Thursday, July 4, 2013

Hau'oli O Ka Eha O Iulai!

Tomorrow is the last day.  I guess there will be a bell ringing ceremony.  I finally saw one, they don't last long.  Everybody in the room clapped and cheered for the guy, there were hugs.  I hugged the female therapist I adore so much and whose name escapes me, yesterday, told them they were all wonderful, and they are.  Its a temple of healing.  They give people back their lives.  They ARE wonderful.  So it is a happy 4th.  I will treat BC to dinner tomorrow night, if she's up for it, as thanks for her kindness and love and support.

And now one of my favorite passages anywhere, from the book "Hawaii" which S. Gavin said I would love and which I have, she was oh so right.  The opening paragraphs, majestic poetry honoring the ocean we love so much...

     Millions upon millions of years ago, when the continents were already formed and the principal features of the earth had been decided, there existed, then as now, one aspect of the world that dwarfwed all others.  It was a mighty ocean, resting uneasily to the east of the largest continent, a restless ever-changing, gigantic body of water that would later be described as pacific.

     Over its brooding surface immense winds swept back and forth, whipping the waters into towering waves that crashed down on the world's seacoasts, tearing away rocks and eroding the land.  In its dark bosom, strange life was beginning to form, minute at first, then gradually of a structure now lost even to memory.  Upon its farthest reaches birds with enormous wings came to rest, and then flew on.

     Agitated by a moon stronger then then now, immense tides ripped across this tremendous ocean, keeping it in a state of torment.  Since no great amounts of sand had yet been built, the waters where they reached the shore were universally dark, black as night and fearful.

     Scores of millions of years before man had risen from the shores of the ocean to perceive its grandeur and to venture forth upon its turbulent waves, this eternal sea existed, larger than any other of the earth's features, vaster than the sister oceans combined, wild, terrifying in its immensity and imperative in its universal role.

     How utterly vast it was!  How its surges modified the very balance of the earth!  How completely lonely it was, hidden in the darkness of night or burning in the dazzling power of a younger sun than ours.

     At recurring intervals the ocean grew cold.  Ice piled up along its extremities, and so pulled vast amounts of water from the sea, so that the wandering shoreline of the continents sometimes jutted miles farther out than before.  Then, for a hundred thousand years, the ceaseless ocean would tear at the exposed shelf of the continents, grinding rocks into sand and incubating new life.

     Later, the fantastic accumulations of ice would melt, setting cold waters free to join the heaving ocean, and the coasts of the continents would lie submerged.  Now the restless energy of the sea deposited upon the ocean bed layers of silt and skeletons and salt.  For a million years the ocean would build soil, and then the ice would return; the waters would draw away; the land would lie exposed.  Winds from the north and south would howl across the empty seas and lash stupendous waves upon the shattering shore.  Thus the ocean continued its alternate building and tearing down.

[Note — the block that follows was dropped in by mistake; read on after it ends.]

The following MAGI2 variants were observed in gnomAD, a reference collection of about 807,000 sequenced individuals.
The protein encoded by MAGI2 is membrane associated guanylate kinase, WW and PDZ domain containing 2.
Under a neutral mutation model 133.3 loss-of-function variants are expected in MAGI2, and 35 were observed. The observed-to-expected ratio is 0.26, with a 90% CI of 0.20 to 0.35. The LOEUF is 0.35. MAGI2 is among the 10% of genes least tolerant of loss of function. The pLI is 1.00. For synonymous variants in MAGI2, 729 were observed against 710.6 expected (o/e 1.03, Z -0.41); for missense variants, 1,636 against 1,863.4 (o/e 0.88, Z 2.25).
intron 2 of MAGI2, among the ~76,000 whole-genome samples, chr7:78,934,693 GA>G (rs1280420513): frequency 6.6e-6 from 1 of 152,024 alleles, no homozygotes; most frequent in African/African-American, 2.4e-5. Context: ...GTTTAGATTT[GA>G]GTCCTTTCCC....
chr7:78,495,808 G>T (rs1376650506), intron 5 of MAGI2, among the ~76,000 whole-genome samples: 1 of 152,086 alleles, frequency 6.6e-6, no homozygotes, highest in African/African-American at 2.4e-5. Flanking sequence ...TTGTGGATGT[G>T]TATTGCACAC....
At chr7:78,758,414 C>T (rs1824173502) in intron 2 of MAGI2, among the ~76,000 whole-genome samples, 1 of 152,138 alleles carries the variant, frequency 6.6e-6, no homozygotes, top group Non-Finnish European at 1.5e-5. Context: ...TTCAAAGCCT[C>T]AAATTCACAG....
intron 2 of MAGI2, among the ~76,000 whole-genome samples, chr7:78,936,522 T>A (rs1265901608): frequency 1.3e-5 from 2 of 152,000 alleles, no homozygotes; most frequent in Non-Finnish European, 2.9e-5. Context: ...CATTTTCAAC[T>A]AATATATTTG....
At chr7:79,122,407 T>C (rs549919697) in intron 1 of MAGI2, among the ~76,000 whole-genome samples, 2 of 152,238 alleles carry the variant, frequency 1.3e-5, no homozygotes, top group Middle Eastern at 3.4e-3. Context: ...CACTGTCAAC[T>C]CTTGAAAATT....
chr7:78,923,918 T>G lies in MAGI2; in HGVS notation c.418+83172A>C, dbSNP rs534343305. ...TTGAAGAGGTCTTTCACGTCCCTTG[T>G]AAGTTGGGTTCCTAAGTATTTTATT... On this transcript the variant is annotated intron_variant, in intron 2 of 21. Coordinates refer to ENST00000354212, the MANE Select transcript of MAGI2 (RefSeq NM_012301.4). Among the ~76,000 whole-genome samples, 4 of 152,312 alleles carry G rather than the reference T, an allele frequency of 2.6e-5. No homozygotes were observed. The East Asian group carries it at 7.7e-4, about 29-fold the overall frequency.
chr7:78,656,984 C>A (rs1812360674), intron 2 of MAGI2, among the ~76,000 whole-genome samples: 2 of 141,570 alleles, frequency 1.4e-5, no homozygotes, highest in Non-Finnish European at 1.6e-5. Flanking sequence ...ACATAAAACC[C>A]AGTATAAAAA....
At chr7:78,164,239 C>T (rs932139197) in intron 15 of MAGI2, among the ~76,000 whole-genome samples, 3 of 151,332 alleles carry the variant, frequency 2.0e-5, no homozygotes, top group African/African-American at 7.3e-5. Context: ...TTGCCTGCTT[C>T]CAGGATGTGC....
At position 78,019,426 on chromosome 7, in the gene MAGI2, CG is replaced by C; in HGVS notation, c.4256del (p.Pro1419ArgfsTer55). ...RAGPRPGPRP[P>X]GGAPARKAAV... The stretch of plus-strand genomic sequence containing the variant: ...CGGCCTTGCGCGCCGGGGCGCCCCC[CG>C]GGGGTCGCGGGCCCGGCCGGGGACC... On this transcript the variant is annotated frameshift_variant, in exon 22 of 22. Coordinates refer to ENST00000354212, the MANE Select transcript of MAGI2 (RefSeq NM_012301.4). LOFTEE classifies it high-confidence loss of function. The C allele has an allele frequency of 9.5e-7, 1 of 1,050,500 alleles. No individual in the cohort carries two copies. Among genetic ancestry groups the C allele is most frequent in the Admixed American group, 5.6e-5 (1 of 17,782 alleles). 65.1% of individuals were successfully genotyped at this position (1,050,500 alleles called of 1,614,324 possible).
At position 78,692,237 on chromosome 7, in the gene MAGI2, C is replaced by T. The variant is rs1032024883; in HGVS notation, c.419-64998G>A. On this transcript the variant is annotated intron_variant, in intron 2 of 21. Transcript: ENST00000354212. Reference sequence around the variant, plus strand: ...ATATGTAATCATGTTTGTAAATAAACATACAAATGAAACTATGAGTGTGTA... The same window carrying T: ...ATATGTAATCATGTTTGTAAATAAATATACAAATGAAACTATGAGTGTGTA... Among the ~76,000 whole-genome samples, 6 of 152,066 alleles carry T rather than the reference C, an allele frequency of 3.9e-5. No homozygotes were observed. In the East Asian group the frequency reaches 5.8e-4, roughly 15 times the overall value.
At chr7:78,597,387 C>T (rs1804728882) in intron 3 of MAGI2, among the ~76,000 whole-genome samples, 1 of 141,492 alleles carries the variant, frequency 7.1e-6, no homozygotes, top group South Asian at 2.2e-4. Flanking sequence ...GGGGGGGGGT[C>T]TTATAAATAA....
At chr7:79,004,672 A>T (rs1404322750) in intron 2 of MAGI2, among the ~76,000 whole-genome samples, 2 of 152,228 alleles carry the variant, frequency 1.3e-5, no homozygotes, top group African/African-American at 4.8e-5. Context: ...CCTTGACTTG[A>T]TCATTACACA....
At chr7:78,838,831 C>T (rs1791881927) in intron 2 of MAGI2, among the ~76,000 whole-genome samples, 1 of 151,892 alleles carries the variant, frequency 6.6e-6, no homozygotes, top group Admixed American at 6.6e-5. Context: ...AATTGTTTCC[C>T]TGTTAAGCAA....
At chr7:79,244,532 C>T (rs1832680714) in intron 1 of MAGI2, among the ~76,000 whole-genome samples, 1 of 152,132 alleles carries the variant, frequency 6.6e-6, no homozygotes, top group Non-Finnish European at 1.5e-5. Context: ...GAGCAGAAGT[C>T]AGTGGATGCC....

master of life, guardian of the shorelines, regulator of temperatures and heaving sculptor of mountains, the great ocean existed.

Do you see why I love that book so much?  Its beautiful, powerful poetry, the words flow like a stream, the topic is majestic and the words that describe it are, too.  It is a beautiful book.  I bet I have read "Hawaii" seven times, maybe more.  The characters are so real, so beautiful; Marama and Tereoro, Malama, Keoki, Kelolo, Abner, Jerusha, Rafer, and Dr. Whipple.  Nyuk Tsin and Kee Mun Ki, all the Kee hui, Kamajiro Sakagawa, and Hoxworth.  Michener was a true scholar to discover the human history of Hawai'i and an ingenious story teller to tell the tales so well.  The human struggles are epic, from the first canoes to reach Hawai'i, to the missionary boats, the struggles of the Chinese and of the Japanese immigrants, it is just a vast tale spanning centuries.

From time to time I have translated a paragraph here and there into Hawaiian to the best of my ability.  I love the Hawaiian language.  Who wouldn't?  How could you not?  I am glad to be doing my very small part to keep it alive, to further it, to preserve it for future generations, the world would be much poorer without this beautiful language and it is the backbone of a worthy and noble culture.

Now that the great horror over the disease may be abating, for tomorrow the last check mark goes on the chart, I may have it in my head to return to blogging in Hawaiian.  Nobody lives forever.  I am 66.  Even if the disease comes back I might live to 70 and if it doesn't...well who knows?  Who the hell knows?  Any minute could be one's last.  A friend I made at the "lounge" is Bill, 85, a retired Methodist minister.  You would never believe he could be so old, his mind is sharp as a whip, his attitude is positive and calm with a gentle humor.  Its a convivial bunch up there.  I will close for now, aloha.

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